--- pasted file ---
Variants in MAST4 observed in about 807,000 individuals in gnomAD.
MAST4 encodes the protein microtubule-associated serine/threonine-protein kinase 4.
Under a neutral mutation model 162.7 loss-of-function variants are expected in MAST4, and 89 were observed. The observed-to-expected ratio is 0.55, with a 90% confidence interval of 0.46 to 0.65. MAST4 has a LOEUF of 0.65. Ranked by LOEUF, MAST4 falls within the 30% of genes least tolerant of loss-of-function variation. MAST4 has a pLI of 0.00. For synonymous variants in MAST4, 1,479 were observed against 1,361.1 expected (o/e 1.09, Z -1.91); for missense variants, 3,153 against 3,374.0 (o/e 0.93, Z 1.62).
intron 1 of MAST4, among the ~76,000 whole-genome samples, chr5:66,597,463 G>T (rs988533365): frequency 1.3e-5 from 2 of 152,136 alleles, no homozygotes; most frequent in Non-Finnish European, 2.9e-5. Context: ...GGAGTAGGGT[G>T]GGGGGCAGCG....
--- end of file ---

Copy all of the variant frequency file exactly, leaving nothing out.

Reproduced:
Variants in MAST4 observed in about 807,000 individuals in gnomAD.
MAST4 encodes the protein microtubule-associated serine/threonine-protein kinase 4.
Under a neutral mutation model 162.7 loss-of-function variants are expected in MAST4, and 89 were observed. The observed-to-expected ratio is 0.55, with a 90% confidence interval of 0.46 to 0.65. MAST4 has a LOEUF of 0.65. Ranked by LOEUF, MAST4 falls within the 30% of genes least tolerant of loss-of-function variation. MAST4 has a pLI of 0.00. For synonymous variants in MAST4, 1,479 were observed against 1,361.1 expected (o/e 1.09, Z -1.91); for missense variants, 3,153 against 3,374.0 (o/e 0.93, Z 1.62).
intron 1 of MAST4, among the ~76,000 whole-genome samples, chr5:66,597,463 G>T (rs988533365): frequency 1.3e-5 from 2 of 152,136 alleles, no homozygotes; most frequent in Non-Finnish European, 2.9e-5. Context: ...GGAGTAGGGT[G>T]GGGGGCAGCG....